Immediately after President Obama’s inspiring speech at the memorial for the victims of the Tucson mass murder last week, the right wing finally figured out how to respond to the outrage over the gun-toting rhetoric it’s been ramping up since the 2008 election: They claimed that Obama had absolved them.
Charles Krauthammer, Chris Wallace, and Brit Hume, in a joint sigh of relief at Obama’s call to stop "assigning blame" for the tragedy, all praised the speech, with only a few initial quibbles. Even Glenn Beck deemed it "probably the best speech he has ever given," and found fault only that Obama’s exonerating words came "late" (although Beck was mum on the timing of Palin’s "blood libel" video, which shipped on the morning the same day). But it was Pat Buchanan who spelled out exactly why Obama’s "outstanding speech" was music to conservative ears: It sent, he said, "a fairly stern admonition, especially to the far left in this country, which has been quite frankly conducting something of a lynch mob against Glenn Beck, against Sarah Palin, against Rush Limbaugh."
Or as a commenter on Conservatives4Palin.com wrote:"So his followers (libs, the media etc.) now look like complete idiots. REALLY big idiots. HA! Sarah won again my friends."
Here’s the quote from Obama’s address that most conservative pundits have interpreted as their own private presidential pardon: "But what we can’t do is use this tragedy as one more occasion to turn on one another. That we cannot do. That we cannot do. As we discuss these issues, let each of us do so with a good dose of humility. Rather than pointing fingers or assigning blame, let’s use this occasion to expand our moral imaginations, to listen to each other more carefully, to sharpen our instincts for empathy, and remind ourselves of all the ways our hopes and dreams are bound together."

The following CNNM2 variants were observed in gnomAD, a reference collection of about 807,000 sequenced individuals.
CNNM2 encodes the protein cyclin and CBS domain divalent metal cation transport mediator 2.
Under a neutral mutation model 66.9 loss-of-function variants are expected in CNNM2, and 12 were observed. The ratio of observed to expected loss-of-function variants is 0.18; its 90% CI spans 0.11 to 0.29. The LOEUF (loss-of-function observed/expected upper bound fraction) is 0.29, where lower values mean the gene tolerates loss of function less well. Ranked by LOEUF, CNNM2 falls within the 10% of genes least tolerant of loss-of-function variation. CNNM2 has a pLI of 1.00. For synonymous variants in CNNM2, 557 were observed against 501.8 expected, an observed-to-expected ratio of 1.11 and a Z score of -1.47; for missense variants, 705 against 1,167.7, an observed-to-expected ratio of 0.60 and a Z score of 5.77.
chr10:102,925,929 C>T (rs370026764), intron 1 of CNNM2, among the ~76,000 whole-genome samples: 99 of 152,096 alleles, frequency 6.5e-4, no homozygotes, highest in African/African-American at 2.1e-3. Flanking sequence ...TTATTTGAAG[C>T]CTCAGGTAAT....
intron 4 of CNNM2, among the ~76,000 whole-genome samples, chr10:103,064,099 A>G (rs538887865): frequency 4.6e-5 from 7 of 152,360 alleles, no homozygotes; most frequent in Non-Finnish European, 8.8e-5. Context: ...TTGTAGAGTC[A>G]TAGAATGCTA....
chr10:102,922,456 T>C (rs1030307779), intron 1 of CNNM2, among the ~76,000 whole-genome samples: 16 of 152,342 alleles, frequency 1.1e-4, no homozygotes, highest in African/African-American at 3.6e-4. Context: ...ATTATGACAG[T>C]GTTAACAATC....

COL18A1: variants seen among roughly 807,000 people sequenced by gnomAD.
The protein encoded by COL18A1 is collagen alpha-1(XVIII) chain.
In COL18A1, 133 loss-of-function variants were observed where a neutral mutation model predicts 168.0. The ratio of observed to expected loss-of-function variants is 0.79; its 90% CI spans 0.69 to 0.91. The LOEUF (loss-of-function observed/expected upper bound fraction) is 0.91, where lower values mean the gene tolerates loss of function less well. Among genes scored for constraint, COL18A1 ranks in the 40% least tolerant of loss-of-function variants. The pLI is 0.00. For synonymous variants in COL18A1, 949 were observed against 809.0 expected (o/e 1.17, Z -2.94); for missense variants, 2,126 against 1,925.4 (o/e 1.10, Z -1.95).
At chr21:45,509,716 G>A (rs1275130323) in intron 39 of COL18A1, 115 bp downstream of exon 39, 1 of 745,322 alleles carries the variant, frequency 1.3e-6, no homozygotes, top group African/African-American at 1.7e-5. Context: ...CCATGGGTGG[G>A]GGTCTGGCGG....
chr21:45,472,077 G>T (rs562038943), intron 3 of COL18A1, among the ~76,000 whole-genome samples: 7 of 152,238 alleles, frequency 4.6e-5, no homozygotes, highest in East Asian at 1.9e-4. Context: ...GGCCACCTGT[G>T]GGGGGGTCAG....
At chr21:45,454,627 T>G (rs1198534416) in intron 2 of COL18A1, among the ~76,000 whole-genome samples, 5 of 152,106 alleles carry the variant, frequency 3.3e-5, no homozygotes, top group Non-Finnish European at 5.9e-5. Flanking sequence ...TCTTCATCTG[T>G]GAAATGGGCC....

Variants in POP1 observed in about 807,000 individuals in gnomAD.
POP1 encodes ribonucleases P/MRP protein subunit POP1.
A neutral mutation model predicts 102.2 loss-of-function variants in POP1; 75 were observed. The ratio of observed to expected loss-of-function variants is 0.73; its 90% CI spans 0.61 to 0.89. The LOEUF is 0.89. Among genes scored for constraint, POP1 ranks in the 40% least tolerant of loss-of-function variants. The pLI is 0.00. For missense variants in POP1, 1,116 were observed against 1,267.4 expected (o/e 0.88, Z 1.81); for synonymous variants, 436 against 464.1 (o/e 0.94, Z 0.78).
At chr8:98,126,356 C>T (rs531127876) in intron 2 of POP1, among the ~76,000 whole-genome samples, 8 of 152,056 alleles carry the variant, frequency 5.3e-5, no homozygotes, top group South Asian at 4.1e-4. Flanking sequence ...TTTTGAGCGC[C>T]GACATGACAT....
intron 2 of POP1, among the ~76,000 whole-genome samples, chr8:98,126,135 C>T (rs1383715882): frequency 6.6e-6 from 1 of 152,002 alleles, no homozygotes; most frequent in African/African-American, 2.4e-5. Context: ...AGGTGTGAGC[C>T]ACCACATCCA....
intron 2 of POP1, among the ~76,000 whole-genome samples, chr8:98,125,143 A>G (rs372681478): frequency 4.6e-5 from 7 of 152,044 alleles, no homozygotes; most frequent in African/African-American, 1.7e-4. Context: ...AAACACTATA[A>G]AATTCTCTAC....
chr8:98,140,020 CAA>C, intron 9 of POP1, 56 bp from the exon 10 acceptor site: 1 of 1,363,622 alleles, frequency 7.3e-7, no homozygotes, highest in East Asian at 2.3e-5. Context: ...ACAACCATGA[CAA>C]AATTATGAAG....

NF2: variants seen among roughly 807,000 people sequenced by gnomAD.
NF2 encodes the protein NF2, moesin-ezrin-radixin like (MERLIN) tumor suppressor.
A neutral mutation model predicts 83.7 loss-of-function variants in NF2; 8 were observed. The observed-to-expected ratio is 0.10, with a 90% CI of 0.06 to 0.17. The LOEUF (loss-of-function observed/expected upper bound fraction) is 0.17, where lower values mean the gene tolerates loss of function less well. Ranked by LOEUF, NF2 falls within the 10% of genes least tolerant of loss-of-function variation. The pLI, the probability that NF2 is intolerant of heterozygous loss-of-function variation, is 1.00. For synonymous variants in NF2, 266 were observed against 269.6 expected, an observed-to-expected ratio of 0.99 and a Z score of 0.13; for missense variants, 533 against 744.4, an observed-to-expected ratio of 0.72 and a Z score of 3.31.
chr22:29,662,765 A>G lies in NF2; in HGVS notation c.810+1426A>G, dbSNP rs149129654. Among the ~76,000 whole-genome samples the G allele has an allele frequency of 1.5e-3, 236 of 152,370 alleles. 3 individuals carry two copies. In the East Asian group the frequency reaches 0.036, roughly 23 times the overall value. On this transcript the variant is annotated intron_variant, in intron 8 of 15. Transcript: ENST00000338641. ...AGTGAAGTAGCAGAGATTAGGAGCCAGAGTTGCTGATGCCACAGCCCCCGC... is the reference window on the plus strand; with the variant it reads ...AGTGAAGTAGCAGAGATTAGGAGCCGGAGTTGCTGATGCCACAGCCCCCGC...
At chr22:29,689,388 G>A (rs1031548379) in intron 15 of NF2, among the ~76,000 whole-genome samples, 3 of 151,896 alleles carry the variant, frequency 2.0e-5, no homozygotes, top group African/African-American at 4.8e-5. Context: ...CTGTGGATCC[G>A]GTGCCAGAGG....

There’s that scary bit about "empathy" and the implied collectivism of "together" at the end, but asking people to stop blaming each other is like the balm of Gilead for Republicans just now. Most know (despite Glenn Beck) their American history: political assassinations have often ushered in eras of progressive legislative action as popular opinion reels away from political violence. Abe Lincoln’s murder led to a Reconstruction that elected black governors, congressmen and legislatures; William McKinley’s assassination led to Teddy Roosevelt and the Progressive Era; JFK’s killing helped Lyndon Johnson pass not only the 1964 Civil Rights Act but Medicare, too. Even the attempt on Ronald Reagan’s life led to the Brady bill. The flood of empathy that a public killing unleashes can unblock log jams carefully tended for years, even decades, and conservatives absolutely have to get the national conversation off the subject of who’s to blame for encouraging violence.